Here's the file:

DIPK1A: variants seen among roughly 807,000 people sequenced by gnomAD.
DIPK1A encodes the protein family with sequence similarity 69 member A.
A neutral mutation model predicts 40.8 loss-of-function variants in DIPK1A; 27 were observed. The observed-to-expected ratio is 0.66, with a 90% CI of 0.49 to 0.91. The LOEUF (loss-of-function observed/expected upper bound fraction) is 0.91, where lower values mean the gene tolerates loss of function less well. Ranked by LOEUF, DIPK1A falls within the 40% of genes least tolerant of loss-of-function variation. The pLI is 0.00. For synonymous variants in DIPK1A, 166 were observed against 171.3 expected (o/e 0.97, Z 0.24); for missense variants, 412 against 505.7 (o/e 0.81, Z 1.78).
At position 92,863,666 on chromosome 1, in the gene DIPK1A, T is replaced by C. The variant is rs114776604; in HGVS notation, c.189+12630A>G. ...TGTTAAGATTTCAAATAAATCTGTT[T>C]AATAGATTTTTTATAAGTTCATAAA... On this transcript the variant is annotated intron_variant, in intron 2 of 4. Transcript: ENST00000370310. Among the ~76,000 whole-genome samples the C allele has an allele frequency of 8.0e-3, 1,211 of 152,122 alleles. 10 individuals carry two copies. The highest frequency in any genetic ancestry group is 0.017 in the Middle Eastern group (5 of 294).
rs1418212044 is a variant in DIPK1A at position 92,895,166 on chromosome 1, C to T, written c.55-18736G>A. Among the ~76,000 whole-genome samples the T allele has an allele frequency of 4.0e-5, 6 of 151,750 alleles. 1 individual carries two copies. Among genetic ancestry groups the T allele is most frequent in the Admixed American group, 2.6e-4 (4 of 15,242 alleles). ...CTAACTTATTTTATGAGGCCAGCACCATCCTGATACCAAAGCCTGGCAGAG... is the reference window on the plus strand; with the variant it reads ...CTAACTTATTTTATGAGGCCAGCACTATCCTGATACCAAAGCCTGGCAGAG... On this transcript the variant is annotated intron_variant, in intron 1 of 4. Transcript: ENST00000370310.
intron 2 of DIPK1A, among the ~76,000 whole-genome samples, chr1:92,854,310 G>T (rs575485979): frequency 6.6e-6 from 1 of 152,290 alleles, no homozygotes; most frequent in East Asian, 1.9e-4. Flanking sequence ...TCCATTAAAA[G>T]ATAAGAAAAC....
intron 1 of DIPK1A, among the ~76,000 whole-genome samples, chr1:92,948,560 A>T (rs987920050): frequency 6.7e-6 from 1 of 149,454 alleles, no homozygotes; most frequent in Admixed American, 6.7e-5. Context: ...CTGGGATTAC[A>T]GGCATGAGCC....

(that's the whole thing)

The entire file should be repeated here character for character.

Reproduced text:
DIPK1A: variants seen among roughly 807,000 people sequenced by gnomAD.
DIPK1A encodes the protein family with sequence similarity 69 member A.
A neutral mutation model predicts 40.8 loss-of-function variants in DIPK1A; 27 were observed. The observed-to-expected ratio is 0.66, with a 90% CI of 0.49 to 0.91. The LOEUF (loss-of-function observed/expected upper bound fraction) is 0.91, where lower values mean the gene tolerates loss of function less well. Ranked by LOEUF, DIPK1A falls within the 40% of genes least tolerant of loss-of-function variation. The pLI is 0.00. For synonymous variants in DIPK1A, 166 were observed against 171.3 expected (o/e 0.97, Z 0.24); for missense variants, 412 against 505.7 (o/e 0.81, Z 1.78).
At position 92,863,666 on chromosome 1, in the gene DIPK1A, T is replaced by C. The variant is rs114776604; in HGVS notation, c.189+12630A>G. ...TGTTAAGATTTCAAATAAATCTGTT[T>C]AATAGATTTTTTATAAGTTCATAAA... On this transcript the variant is annotated intron_variant, in intron 2 of 4. Transcript: ENST00000370310. Among the ~76,000 whole-genome samples the C allele has an allele frequency of 8.0e-3, 1,211 of 152,122 alleles. 10 individuals carry two copies. The highest frequency in any genetic ancestry group is 0.017 in the Middle Eastern group (5 of 294).
rs1418212044 is a variant in DIPK1A at position 92,895,166 on chromosome 1, C to T, written c.55-18736G>A. Among the ~76,000 whole-genome samples the T allele has an allele frequency of 4.0e-5, 6 of 151,750 alleles. 1 individual carries two copies. Among genetic ancestry groups the T allele is most frequent in the Admixed American group, 2.6e-4 (4 of 15,242 alleles). ...CTAACTTATTTTATGAGGCCAGCACCATCCTGATACCAAAGCCTGGCAGAG... is the reference window on the plus strand; with the variant it reads ...CTAACTTATTTTATGAGGCCAGCACTATCCTGATACCAAAGCCTGGCAGAG... On this transcript the variant is annotated intron_variant, in intron 1 of 4. Transcript: ENST00000370310.
intron 2 of DIPK1A, among the ~76,000 whole-genome samples, chr1:92,854,310 G>T (rs575485979): frequency 6.6e-6 from 1 of 152,290 alleles, no homozygotes; most frequent in East Asian, 1.9e-4. Flanking sequence ...TCCATTAAAA[G>T]ATAAGAAAAC....
intron 1 of DIPK1A, among the ~76,000 whole-genome samples, chr1:92,948,560 A>T (rs987920050): frequency 6.7e-6 from 1 of 149,454 alleles, no homozygotes; most frequent in Admixed American, 6.7e-5. Context: ...CTGGGATTAC[A>T]GGCATGAGCC....